Pregnant Women Everywhere Are Being Bullied Into Having C-Sections

Illustration for article titled Pregnant Women Everywhere Are Being Bullied Into Having C-Sections

A pregnant woman in Ireland who is is two weeks overdue, according to her records at Waterford Regional Hospital, was taken to High Court after refusing the C-section procedure recommended by hospital staff. The woman, who insists that her due date is actually March 18th, in contradiction with the medically-determined date, delivered a previous child via C-section in 2010.

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The resulting scar on her uterus, if she were to deliver this child naturally, would pose a life-threatening risk to the mother and child. Before the trial was over, she had consented to the procedure.

As of this October, the rate of C-sections in Ireland was 38% higher than the target set by the nation's Health Service Executive; awareness has been steadily increasing both abroad and domestically that C-Sections, while in some cases necessary to save the life of the mother and/or child, are often elected for the sake of convenience and reduced liability.

Meanwhile, a pregnant Florida woman named Lisa Epsteen was warned by her obstetrician that he'd sic the cops on her if she didn't elect to have a C-Section due to her high-risk pregnancy. "I would hate to move to the most extreme option, which is having law enforcement pick you up at your home and bring you in, but you are leaving the providers of USF/TGH no choice," he wrote to Epsteen, who quickly consented but now fears returning to the same hospital for the procedure.

Said Epsteen, who delivered her four previous children via C-Section:

"In a couple of hours there are going to be cops on my doorstep taking me away from home - in front of my children - to force me into having surgery... There are any number of things that they could have done without threatening me."

"Honestly, I feel abandoned. There has to be a level of trust between provider and patient, and that has been betrayed. It's circumstances like this that make women feel like they have no options but to birth their babies on their own - and put themselves in more dangerous circumstances - because they feel bullied."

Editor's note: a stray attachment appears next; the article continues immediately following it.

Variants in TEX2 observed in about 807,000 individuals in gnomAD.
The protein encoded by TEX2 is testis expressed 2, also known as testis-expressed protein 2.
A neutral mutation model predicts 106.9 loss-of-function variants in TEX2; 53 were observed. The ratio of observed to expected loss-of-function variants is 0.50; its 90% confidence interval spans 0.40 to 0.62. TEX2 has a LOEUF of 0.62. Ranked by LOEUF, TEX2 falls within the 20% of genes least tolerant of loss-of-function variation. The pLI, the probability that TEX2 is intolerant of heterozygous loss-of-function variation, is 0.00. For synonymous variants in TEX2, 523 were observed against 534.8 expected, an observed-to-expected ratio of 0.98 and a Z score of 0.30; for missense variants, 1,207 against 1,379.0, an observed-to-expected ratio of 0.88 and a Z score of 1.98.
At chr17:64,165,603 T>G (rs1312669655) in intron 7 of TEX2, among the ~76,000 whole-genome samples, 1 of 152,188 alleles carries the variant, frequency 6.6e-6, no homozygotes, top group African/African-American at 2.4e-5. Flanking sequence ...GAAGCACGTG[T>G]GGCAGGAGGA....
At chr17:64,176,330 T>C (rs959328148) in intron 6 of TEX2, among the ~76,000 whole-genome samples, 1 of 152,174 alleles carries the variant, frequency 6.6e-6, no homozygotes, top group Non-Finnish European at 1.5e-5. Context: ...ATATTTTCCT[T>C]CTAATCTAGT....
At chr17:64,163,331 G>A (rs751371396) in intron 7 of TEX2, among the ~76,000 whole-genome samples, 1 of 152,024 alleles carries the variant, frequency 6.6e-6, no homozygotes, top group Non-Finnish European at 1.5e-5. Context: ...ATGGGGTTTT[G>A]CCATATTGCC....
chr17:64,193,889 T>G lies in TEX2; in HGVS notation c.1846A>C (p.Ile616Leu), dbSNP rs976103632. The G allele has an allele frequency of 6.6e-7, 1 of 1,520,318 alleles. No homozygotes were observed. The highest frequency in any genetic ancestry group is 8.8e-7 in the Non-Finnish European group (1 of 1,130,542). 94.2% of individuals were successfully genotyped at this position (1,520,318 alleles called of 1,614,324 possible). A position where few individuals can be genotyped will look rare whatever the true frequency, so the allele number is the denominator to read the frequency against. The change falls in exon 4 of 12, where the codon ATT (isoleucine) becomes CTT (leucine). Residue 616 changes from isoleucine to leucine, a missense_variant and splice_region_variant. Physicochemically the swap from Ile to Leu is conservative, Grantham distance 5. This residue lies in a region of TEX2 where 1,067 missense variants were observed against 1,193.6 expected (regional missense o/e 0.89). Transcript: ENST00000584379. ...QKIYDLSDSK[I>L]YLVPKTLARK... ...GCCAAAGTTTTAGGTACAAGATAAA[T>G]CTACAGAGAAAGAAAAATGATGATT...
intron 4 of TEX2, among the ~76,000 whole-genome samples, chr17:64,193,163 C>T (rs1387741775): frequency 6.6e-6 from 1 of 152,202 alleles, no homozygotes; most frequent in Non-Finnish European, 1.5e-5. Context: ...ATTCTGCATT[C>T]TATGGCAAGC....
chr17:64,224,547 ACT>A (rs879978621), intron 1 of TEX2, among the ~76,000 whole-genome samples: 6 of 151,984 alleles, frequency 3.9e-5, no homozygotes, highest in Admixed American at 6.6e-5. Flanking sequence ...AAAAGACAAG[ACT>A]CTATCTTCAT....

An attorney for the National Advocates for Pregnant Women rapidly became involved in Epsteen's case. "Pregnant women are no different than anybody else in terms of their constitutional and human rights... The threat [Epsteen's doctor] was making was both legally and ethically unjustifiable."

'Woman agrees to caesarean after hospital goes to court' [Irish Times]
'USF obstetrician threatens to call police if patient doesn't report for c-section' [Tampa Bay Times]

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DISCUSSION

violet-baudelaire
Violet Baudelaire

I don't think many people realize how incredibly rare it is to have a vaginal birth after having a c-section, for health reasons - it's called a "v-bac" (vaginal birth after cesarean) and up until several years ago, they were almost unheard of or considered. The one sentence in this post that mentions the fact that the scar and muscle damage from a cesarean can make a vaginal birth very high risk is completely outweighed by the overly outraged tone of the rest of the article. The fact that both women previously had c-sections is a HUGE mitigating circumstance and to be honest, makes me fall a little more on the side of the doctor in the two cases here.

Can someone fill in or correct my second hand knowledge? I'm under the impression that c-sections have gained popularity in general over the last 30 years (for instance, my mother gave birth naturally to a breech baby - my sister was not allowed to, but deemed an automatic c-section), but I'm also under the impression that they've changed the way they do the incision - going across the body, right above the pubis, rather than up and down. Does anyone know if this is more or less likely to cause complications if you have a vbac?